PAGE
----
Where Did These Wasps Come From? Back »

Figure 1. European paper wasps on a shutter. Their nest is between the siding and the shutter. Photo by Amanda Bachmann.

Written collaboratively by Amanda Bachmann, Patrick Wagner, and Adam Varenhorst.


Wasps receive attention no matter the time of year, but they are especially noticeable in late summer and early fall. Wasps such as yellow jackets and paper wasps have annual nests, so the majority of the individuals that are active now will not survive the winter. Only the newly produced queens will find a sheltered location to overwinter and begin a new colony in the spring.

Nesting Behavior

Many annual wasp nests escape detection for most of the season. These nests are small and often hidden. Since the colonies are at or close to their maximum size by late summer, the nesting areas become more apparent. Soffits, eaves, shutters, and other voids on the exterior of a home or garage are the preferred places for wasps to build their nests (Figure 1).

Management

At this point in the year, attempting to control annual wasps is mostly unnecessary. After the first one or two hard frosts, the colony will die. The best time to control a wasp nest is in the spring when their activity is first noticed. Never seal up a void or opening that contains live wasps or an active nest, as they may chew their way out and end up inside the affected structure. Wasp control should be attempted only with great care and preparation. If applying an insecticide, choose a time with cooler temperatures as the wasps will be more sluggish.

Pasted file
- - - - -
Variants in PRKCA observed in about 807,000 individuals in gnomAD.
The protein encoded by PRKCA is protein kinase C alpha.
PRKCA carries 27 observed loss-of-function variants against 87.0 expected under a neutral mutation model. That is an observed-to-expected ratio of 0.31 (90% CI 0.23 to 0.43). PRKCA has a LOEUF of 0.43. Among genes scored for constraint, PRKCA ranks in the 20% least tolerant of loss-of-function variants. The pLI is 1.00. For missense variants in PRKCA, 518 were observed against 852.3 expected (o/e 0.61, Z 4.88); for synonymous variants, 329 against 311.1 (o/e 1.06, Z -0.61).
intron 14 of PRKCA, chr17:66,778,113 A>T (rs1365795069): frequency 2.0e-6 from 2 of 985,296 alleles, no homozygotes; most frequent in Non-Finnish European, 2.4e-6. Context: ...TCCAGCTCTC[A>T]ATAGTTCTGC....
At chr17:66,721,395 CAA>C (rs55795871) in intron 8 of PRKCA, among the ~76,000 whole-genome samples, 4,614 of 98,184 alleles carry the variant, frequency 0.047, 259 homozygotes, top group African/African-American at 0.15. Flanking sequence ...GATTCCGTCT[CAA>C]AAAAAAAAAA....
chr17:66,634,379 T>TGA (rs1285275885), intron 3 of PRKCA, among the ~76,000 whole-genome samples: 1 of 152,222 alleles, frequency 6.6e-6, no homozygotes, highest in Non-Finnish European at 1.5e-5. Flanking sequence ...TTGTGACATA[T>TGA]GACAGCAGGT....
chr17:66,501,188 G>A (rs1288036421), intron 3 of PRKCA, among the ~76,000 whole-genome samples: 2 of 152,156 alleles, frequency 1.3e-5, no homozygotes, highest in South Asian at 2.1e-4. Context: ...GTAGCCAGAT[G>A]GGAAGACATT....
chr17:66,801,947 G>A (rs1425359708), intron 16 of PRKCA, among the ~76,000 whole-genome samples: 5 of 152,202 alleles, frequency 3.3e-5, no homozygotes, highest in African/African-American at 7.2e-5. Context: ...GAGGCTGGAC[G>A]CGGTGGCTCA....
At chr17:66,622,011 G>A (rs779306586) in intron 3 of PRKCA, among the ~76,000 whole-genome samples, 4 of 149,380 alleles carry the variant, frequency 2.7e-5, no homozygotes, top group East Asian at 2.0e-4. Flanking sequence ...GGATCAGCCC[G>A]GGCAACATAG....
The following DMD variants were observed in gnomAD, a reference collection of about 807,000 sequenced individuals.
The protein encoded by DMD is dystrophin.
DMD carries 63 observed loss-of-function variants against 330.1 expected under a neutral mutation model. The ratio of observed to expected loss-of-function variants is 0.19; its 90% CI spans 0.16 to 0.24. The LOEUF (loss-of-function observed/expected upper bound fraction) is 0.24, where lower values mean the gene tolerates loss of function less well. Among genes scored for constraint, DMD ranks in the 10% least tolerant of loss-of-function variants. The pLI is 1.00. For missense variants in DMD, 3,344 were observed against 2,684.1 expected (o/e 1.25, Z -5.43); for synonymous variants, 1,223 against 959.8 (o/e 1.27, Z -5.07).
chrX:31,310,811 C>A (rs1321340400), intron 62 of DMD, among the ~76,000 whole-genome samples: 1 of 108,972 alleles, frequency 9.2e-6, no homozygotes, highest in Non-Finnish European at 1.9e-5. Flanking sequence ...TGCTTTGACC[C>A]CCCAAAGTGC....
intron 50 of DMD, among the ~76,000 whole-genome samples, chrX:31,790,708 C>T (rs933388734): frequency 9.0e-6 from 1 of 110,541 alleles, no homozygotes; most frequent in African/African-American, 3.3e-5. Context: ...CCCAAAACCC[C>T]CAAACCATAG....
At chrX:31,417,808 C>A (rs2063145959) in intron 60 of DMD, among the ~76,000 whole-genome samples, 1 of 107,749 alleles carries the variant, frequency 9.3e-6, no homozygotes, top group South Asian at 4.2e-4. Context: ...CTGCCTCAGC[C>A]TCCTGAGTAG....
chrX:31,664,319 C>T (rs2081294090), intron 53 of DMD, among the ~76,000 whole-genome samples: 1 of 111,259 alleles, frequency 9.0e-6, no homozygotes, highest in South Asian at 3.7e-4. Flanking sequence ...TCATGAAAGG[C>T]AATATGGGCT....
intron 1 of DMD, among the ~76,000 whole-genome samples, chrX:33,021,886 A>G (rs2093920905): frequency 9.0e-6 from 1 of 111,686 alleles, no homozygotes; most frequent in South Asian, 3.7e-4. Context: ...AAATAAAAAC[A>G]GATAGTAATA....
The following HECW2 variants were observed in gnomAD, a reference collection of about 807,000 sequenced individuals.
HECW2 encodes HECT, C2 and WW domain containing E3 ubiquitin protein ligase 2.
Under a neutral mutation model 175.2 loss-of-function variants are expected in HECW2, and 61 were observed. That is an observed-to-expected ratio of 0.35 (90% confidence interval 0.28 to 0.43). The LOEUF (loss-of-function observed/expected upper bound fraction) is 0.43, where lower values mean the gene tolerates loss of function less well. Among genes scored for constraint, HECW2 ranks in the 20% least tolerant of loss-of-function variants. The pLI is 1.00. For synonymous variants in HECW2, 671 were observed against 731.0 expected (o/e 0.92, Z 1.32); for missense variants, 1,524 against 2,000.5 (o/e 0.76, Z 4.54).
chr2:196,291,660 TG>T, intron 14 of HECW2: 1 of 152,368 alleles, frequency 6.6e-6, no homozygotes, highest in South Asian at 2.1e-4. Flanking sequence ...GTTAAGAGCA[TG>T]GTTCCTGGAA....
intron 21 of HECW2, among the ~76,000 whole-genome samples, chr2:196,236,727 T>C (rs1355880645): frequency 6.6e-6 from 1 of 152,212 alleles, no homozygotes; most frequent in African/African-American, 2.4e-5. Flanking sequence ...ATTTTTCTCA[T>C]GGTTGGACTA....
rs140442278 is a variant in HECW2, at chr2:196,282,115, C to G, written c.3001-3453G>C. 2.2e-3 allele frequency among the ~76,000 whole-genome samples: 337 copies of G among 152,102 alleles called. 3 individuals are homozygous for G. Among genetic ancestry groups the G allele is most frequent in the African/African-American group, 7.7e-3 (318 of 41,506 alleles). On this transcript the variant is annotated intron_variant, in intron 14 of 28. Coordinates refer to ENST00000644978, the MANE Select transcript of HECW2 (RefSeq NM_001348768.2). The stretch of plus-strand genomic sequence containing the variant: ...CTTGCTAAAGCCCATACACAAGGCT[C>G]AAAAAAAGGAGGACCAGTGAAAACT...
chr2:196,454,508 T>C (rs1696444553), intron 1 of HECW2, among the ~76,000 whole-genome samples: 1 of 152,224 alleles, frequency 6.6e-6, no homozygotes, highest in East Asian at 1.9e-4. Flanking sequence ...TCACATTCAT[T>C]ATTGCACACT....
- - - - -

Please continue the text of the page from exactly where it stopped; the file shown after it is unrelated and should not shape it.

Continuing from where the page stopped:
Garden Benefits

Not every wasp nest has to be controlled. Wasps are considered beneficial insects. They hunt or scavenge for caterpillars and other insects to feed to their young (Figure 2). If they are nesting in an out of the way location, consider allowing them to stay as they can provide pest control for the garden.


Figure 2. Wasps feeding on insect remains in a car grill. Photo by Amanda Bachmann.

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